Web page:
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Ream v. United States

United States District Court, W.D. Washington, Seattle

May 21, 2019

ANNA REAM, Plaintiff,




         This matter is before the Court on the parties' motions for summary judgment. Dkt. ## 17, 20. For the reasons below, the Court GRANTS Plaintiff's motion and DENIES Defendant's motion.


         On August 10, 2013, at approximately 8:45 am, a three-vehicle military convoy traveled on State Route 18 (SR 18) toward the Yakima Training Center. Dkt. # 19, ¶ 3. The section of SR 18 relevant to this dispute consists of two lanes in each direction, separated by a median. Dkt. # 18-4 at 6. The convey traveled in the right lane at approximately 55 miles per hour. Dkt. # 19, ¶ 6. A semi-tractor trailer driven by Plaintiff on SR 18 changed lanes and split the lead military vehicle from the two trailing vehicles. Id. As traffic crested a rise near the SE 231st Street exit, the truck commander in the lead military vehicle, Sergeant (Sgt.) Charles Rolando, noticed a pickup truck towing a horse trailer stopped in the right lane. Id., ¶7. A woman stood in the roadway near the pickup truck, waving her arms at the oncoming vehicles. Id.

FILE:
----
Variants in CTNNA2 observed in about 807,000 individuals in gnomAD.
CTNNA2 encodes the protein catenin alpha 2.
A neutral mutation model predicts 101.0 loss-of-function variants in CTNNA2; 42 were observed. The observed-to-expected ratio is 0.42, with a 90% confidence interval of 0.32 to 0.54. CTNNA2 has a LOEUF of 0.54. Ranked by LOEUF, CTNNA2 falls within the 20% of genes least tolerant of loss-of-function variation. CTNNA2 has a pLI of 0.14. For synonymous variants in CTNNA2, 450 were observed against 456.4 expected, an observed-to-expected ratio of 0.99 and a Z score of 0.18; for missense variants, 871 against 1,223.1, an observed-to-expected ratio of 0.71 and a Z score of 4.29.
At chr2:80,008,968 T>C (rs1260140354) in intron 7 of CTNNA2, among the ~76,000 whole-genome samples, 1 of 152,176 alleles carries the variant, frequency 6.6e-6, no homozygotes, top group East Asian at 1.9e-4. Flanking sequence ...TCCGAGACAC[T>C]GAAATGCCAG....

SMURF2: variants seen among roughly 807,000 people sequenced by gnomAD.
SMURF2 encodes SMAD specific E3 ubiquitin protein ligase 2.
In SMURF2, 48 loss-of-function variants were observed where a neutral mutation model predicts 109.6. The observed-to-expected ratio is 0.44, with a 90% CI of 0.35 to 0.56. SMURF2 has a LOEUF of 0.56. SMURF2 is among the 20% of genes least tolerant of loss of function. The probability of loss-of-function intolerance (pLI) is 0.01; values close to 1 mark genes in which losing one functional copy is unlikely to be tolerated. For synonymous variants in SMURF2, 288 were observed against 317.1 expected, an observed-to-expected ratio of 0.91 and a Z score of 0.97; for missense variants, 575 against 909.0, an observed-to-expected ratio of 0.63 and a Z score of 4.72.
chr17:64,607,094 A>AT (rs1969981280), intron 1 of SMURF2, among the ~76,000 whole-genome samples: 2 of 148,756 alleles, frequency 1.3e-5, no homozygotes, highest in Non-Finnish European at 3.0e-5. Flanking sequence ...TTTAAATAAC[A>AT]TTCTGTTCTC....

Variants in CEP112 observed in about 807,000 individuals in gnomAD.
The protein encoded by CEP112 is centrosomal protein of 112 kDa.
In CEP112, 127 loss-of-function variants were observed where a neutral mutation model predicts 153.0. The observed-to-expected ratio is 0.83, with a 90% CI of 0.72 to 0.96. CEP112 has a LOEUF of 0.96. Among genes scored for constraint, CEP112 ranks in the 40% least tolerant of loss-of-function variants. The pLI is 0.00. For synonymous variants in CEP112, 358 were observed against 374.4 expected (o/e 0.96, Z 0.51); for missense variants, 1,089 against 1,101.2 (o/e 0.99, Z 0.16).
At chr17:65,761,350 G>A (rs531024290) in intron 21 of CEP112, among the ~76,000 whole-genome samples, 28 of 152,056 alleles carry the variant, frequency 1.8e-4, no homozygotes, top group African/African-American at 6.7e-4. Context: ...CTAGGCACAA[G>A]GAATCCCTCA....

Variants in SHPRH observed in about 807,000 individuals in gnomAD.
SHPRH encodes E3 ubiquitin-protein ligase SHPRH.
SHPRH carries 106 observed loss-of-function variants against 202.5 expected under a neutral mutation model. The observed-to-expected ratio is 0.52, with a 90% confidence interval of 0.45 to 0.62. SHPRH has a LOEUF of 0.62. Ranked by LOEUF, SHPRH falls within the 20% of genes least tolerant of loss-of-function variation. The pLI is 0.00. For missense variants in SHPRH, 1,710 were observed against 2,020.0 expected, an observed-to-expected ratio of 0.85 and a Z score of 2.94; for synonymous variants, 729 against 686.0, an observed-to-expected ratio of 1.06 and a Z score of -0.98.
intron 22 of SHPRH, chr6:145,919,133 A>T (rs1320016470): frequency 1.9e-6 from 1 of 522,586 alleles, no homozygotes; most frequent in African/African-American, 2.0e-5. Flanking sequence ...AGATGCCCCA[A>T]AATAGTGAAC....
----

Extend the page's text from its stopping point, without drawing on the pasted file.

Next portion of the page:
Sgt. Rolando instructed Private Second Class (PV2) Licoray Randolph, who was driving the lead vehicle, to stop immediately. Id., ¶ 9. Randolph applied the brakes and brought the lead vehicle to a sudden stop approximately ten feet from the woman and the trailer. Id., ¶ 10. Plaintiff also saw the pickup truck and was able to come to an abrupt stop roughly one and a half car lengths behind the lead military vehicle. Dkt. # 21-1 at 4. The second vehicle in the convoy, which was directly behind Plaintiff, was driven by Specialist Sean Reeves. Dkt. # 19, ¶ 5. Traveling roughly 50 yards behind Plaintiff, Reeves noticed the brake lights come on Plaintiff's truck, but did not realize immediately how quickly she was decelerating. Dkt. # 21-3 at 7. Once he did, Reeves determined that he would be unable to stop his vehicle in time to avoid a collision. Id.; Dkt. # 18-4 at 7. He looked to his left mirror and attempted to change lanes, but could not do so because of the speed of traffic. Id. at 7-8. He then looked to his right, in order to pull onto the shoulder, but realized there was not enough room because of a guardrail. Id. Before he could fully stop, Reeves hit the back of Plaintiff's semi-tractor trailer. Dkt. # 21-3 at 7-8.